Megamouth sharks - Megachasma pelagios - are one of rarest types of shark in the world despite being large, growing to at least 5.5m in length.
The first specimen was discovered in 1976. To date, only 50 examples of this shark have been found.
Megamouth sharks spend daylight hours near the edge of the continental shelf, swimming slowly at depths of 150 m or deeper. At night time it rises close to the surface to feed on small shrimp that form part of the plankton.
They are one of only three species of sharks that feed on plankton (planktivorous). They probably swim along with their mouth open, filtering plankton from the water as it passes through their gills. The other two filter-feeding shark species are whale sharks and basking sharks. Like these other filter-feeding sharks, megamouth sharks only have small teeth. Megamouth sharks are also able to thrust out their jaws (called protrusible jaws).
Megamouth sharks have soft bodies with large oily livers, flabby muscles and skeletons that are poorly calcified. These features probably help megamouth sharks to swim very slowly without sinking.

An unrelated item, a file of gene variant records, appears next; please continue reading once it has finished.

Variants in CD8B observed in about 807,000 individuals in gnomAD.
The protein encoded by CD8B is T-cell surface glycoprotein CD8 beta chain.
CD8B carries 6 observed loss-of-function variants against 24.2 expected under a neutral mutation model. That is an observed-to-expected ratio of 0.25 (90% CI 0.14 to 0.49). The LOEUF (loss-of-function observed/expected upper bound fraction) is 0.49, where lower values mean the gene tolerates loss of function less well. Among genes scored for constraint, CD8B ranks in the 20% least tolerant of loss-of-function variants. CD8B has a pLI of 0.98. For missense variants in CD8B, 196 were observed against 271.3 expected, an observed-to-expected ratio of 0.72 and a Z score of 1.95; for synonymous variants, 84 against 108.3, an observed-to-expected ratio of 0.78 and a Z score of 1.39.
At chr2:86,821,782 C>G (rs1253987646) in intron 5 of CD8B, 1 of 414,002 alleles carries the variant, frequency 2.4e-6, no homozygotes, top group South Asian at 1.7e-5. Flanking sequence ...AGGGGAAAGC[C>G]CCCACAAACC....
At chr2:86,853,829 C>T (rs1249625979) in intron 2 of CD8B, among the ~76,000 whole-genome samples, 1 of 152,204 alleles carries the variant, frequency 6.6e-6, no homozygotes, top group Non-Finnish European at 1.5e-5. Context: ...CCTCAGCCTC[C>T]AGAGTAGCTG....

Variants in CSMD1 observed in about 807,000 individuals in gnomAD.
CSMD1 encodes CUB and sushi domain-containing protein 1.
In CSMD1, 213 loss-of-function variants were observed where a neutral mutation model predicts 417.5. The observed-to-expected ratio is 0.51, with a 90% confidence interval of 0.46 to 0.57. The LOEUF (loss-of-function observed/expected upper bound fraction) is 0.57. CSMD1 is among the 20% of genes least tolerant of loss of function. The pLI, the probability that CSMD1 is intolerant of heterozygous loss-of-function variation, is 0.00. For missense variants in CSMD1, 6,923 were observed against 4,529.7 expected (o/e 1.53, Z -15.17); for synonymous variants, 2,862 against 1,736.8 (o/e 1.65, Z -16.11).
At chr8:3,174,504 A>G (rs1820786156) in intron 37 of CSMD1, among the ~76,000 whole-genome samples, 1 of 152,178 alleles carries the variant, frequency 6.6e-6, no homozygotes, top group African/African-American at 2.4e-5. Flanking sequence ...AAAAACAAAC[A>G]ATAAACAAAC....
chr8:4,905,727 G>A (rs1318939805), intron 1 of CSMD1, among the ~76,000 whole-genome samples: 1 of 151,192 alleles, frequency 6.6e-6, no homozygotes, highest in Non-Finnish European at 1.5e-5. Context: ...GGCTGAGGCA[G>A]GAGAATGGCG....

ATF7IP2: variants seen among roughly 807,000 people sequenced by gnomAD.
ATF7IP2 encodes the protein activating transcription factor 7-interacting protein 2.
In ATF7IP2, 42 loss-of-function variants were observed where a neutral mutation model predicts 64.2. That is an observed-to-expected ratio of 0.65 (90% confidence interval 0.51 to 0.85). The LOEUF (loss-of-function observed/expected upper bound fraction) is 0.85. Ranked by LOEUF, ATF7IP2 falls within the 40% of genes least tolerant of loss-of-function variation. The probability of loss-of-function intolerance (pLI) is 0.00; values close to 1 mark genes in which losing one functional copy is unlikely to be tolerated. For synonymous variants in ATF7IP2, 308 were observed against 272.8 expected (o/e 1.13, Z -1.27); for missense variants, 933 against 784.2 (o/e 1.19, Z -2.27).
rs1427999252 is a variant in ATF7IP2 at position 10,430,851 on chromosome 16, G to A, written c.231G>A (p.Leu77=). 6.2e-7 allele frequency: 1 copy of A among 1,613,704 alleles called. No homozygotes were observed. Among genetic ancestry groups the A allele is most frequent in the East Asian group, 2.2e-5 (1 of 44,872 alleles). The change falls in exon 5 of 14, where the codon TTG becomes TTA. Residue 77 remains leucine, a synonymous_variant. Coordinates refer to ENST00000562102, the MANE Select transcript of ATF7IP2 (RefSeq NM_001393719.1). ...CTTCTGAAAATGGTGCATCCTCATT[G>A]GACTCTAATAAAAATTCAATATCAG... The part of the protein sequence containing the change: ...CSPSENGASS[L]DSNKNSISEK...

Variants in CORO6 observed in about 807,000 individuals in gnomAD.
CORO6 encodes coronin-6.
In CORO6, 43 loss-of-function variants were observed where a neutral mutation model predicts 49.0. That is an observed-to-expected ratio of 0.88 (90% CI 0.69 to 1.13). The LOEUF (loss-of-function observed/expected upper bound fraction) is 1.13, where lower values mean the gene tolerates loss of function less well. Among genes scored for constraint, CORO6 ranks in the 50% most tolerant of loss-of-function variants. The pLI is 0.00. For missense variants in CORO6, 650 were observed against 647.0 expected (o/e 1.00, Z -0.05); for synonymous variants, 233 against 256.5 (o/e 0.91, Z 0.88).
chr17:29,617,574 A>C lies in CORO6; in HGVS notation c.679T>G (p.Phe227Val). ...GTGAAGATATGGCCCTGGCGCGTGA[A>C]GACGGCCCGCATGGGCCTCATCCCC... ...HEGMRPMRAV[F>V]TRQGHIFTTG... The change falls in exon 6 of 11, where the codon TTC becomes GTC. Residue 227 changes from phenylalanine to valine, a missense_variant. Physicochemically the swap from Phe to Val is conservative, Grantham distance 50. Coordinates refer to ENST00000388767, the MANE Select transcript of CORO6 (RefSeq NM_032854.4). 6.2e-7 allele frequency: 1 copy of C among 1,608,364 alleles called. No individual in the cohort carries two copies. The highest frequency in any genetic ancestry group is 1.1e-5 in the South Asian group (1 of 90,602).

Little is known about how these sharks reproduce but they probably give birth to live young which have fed on unfertilised eggs in their mothers’ uterus. This is known as oophagy.
DNA studies suggest that megamouth sharks are the most primitive of sharks of the Order Lamniformes, the group which includes white pointer, mako, basking and grey nurse sharks.
The 50 specimens of megamouth and where they were discovered are displayed on the above map. About 14 specimens are now retained at research institutes. The seventh specimen is of particular interest to scientists. This female specimen was the subject of a dissection and symposium held in Japan in 1994. After all this attention, the specimen is still in excellent condition and is now on display at Marine World umino-nakamichi.